London Flower Show Hopes You Will Get Into The Garden, Too

By Dana Farrington

Queen Elizabeth II is pictured beside a floral exhibit at the Chelsea Flower Show that features her own image.

At London’s annual Chelsea Flower Show, the flora is fit for a queen: shaped in her likeness and crafted in honor of her 90th birthday. The new princess has her own chrysanthemum too.

Queen Elizabeth II is pictured beside a floral exhibit at the Chelsea Flower Show that features her own image. Adrian Dennis/AFP/Getty Images hide caption

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But this year’s event, which opens Tuesday, kicks off with a warning from the Royal Horticultural Society: Britain has a “lost generation of gardeners.”

Many people in their mid-20s to 40s never learned how to garden, “and we lost a lot of the skills,” RHS Director-General Sue Biggs tells London’s Times. The AFP news agency adds:

“Fewer than one percent of parents were taught gardening at school, compared with 55 percent of grandparents and 40 percent of children, according to a survey conducted by the RHS in 2011.”

Against this backdrop, the Royal Horticultural Society continues to pursue its more than 200-year-old mission to “enrich everyone’s life through plants.”

As part of its campaign to beautify Britain, a featured exhibit gives visitors tips for their own gardening adventures.

The garden designed by Ann-Marie Powell was created to raise awareness of the potential positive effects gardening can have on well-being.

The garden designed by Ann-Marie Powell was created to raise awareness of the potential positive effects gardening can have on well-being. Jack Taylor/Getty Images hide caption

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“Gardens and gardening do more good to heart and soul than they are ever given credit for,” designer Ann-Marie Powell told the RHS.

The 100-plus exhibits in this year’s show range from whimsical to traditional — and they don’t fit neatly into pots.

A sea of knitted and crocheted poppies covers the Royal Hospital grounds, much like a 2014 installation of ceramic poppies at the Tower of London, honoring soldiers who died in World War I.

The exhibit includes more than 300,000 flowers made by some 50,000 people, according to the U.K.’s Express. The display began three years ago as a small-scale project in Melbourne, and eventually blossomed into the London show.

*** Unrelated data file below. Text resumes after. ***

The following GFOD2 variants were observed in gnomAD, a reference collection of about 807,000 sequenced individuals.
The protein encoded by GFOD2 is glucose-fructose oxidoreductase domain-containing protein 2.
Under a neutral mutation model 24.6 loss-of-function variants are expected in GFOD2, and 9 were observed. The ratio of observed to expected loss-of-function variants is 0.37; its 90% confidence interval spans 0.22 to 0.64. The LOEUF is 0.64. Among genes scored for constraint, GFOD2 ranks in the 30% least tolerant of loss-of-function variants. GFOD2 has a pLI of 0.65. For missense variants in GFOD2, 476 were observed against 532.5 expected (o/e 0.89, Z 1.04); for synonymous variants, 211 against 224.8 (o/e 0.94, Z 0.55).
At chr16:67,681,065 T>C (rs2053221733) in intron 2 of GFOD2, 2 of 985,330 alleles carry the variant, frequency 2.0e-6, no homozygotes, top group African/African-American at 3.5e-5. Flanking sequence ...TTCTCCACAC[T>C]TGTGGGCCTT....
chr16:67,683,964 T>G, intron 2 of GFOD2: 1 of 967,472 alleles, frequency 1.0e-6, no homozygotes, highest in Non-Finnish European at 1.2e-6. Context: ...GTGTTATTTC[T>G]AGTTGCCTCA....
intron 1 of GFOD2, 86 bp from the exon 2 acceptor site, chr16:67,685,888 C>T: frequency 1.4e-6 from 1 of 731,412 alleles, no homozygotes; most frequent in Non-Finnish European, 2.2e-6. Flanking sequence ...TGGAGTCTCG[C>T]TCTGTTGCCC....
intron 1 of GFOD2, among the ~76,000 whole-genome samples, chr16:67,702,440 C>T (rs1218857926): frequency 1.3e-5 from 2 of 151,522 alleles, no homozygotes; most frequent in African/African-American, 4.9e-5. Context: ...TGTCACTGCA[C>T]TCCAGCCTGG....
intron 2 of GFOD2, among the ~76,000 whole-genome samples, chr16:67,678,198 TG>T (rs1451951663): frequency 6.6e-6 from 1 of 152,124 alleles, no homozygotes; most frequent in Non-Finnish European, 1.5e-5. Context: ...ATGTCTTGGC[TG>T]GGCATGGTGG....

A volunteer stands to the entrance of the 5000 Poppies Garden at the Chelsea Flower Show, created by Australians Lynn Berry and Margaret Knight with designer Phillip Johnson. The project began as a small tribute to Berry and Knight's fathers, who fought in World War II.

A volunteer stands to the entrance of the 5000 Poppies Garden at the Chelsea Flower Show, created by Australians Lynn Berry and Margaret Knight with designer Phillip Johnson. The project began as a small tribute to Berry and Knight’s fathers, who fought in World War II. Adrian Dennis/AFP/Getty Images hide caption

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The Chelsea Flower Show has been held nearly every year since 1913 in the Royal Hospital Chelsea grounds.

The Chelsea Flower Show has been held nearly every year since 1913 in the Royal Hospital Chelsea grounds. Adrian Dennis/AFP/Getty Images hide caption

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Reg Bolton waters the trees on the Federation of British Bonsai Society stand at the Chelsea Flower Show.

Reg Bolton waters the trees on the Federation of British Bonsai Society stand at the Chelsea Flower Show. Adrian Dennis/AFP/Getty Images hide caption

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A police officer, with assistance, performs last-minute security checks at the flower show.

A police officer, with assistance, performs last-minute security checks at the flower show. Jack Taylor/Getty Images hide caption

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Source:: http://www.npr.org/sections/thetwo-way/2016/05/23/479185553/london-flower-show-hopes-you-will-get-into-the-garden-too?utm_medium=RSS&utm_campaign=storiesfromnpr